[W]ho can forget the principles taught to us through our childhood piggy-banks!?! At one point in our lives pennies mattered and loose change was something to be valued. Sadly, many people — once they reach adulthood — think that saving change is a waste of time. Yet sometimes we forget that pennies turn into dollars and dollars into hundreds of dollars and so on. Saving change is a wonderful way to make a little extra cash!
Today we’re bring it back…the coin jar!
The coin jar is a great way to save money and you may be surprised at how quickly it all adds up. It does, however, require a bit of discipline in that you must make it a point to not spend it 🙂
The Coin Jar
Grab yourself a large cup or glass mason jar. Begin each evening placing your family’s loose change from the day into the jar. You don’t have to limit it to coins, I like to throw in dollar bills if there are any.
Whenever the coin jar is full, we sit down on the living room floor, dump out the contents of the jar, and start sorting (Note: Our bank gives us the supplies we need to roll the coins, all we did was ask.).
The rolled coins are then taken to the bank where they are deposited into a savings account. Our change often goes to pay for those extra items that we’re not able to budget for such as:
- a night out complete with babysitter and all
- a new computer
- summer camping trips
- beach vacations
- further debt reduction (the favorite right now in our home)
- new running shoes
- a water purification system
If you’re like me, and the idea of a vision board really speaks to you, use it! Keep your coin jar beside your vision board or better yet…tape a picture of what you’re saving for right on the side of the jar and refer to it often — keep it in a high-traffic area in your home.
Whatever you do, work hard to keep your financial goals in front of you.
Pennies really do turn into dollars. I hear all the time from people who say that they have a hard time saving money because they live paycheck to paycheck. We all have to start somewhere. Even starting by putting back $5 or $10 a month can add up and give us the confidence — or discipline — we need to continue on.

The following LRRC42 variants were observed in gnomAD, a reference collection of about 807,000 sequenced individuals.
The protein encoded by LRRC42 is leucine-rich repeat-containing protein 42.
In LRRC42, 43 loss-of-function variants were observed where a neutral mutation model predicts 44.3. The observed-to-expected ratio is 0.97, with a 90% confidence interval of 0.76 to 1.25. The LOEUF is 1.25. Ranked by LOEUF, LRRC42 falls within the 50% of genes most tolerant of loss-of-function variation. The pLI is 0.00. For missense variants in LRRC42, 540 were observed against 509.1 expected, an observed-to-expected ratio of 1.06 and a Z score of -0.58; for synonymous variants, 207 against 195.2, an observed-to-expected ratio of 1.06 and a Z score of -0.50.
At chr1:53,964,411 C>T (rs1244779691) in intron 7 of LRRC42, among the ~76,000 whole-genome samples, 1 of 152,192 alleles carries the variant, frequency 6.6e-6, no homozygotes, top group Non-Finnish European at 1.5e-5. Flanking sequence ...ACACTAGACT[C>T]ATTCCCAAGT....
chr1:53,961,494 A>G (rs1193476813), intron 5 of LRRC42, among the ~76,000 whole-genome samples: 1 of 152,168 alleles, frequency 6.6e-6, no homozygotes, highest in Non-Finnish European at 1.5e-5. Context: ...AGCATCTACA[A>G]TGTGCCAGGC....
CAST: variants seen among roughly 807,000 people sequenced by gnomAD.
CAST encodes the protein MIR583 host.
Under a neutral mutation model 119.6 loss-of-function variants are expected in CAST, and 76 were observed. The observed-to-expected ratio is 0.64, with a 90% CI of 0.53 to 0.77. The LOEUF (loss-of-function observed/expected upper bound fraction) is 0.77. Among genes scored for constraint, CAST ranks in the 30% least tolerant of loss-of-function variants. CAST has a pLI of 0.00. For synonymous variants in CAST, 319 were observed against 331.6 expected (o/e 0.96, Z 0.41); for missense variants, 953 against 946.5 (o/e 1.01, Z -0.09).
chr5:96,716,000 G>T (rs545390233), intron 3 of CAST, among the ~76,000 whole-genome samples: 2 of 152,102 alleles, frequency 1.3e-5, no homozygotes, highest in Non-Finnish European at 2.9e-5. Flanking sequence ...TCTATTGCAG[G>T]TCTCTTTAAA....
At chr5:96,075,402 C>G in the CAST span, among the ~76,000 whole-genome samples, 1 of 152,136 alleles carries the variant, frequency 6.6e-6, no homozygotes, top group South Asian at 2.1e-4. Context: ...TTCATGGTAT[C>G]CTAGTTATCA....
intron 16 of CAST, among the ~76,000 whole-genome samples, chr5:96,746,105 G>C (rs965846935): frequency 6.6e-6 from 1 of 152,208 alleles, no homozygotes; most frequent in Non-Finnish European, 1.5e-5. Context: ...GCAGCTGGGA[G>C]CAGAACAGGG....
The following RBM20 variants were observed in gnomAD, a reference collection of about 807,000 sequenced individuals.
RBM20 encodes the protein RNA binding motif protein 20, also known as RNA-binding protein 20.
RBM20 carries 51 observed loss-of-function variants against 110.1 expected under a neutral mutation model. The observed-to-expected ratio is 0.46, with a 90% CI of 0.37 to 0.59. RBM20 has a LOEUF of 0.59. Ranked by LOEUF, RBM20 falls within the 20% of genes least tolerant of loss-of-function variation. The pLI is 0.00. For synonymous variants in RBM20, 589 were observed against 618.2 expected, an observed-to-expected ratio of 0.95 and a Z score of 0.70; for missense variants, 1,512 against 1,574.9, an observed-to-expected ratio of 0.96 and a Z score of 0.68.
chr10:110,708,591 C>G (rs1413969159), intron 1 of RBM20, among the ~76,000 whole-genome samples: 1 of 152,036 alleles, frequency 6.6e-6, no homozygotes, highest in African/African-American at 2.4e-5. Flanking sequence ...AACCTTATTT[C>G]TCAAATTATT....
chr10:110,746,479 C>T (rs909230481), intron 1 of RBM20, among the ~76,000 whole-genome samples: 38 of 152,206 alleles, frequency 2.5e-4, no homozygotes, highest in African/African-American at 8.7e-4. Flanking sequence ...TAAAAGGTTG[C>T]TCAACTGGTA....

Let’s say that by saving our loose change, or perhaps a dollar a day, we were able to collect $30 per month. In six months we’d have $180 and over the course of a year that amount would equal $360. Now imagine that it were to continue…five years looks like $1800, in ten years there’d be $3600 and in thirty years we could have saved $10,800. That amount compounded with interest could be quite a bit more.
Not to bad for saving pennies!
There are countless ways to save loose change and dollar bills. Get creative with it — have fun, make it a challenge, get the whole family involved — and experience the rewards of saving.
Do you have a coin jar? What creative avenues do you use to save money each month?
Miser Mom says
We save our coins all winter. Come summer, the nickels and pennies get turned into savings. The dimes and quarters are perfect for yard sales . . . it’s nice to have a pocketful of change when I’m eyeing that pair of school pants or cute skirt. In fact, my coin jar is the bulk of my clothing budget, not to mention a hefty portion of the Christmas gift budget.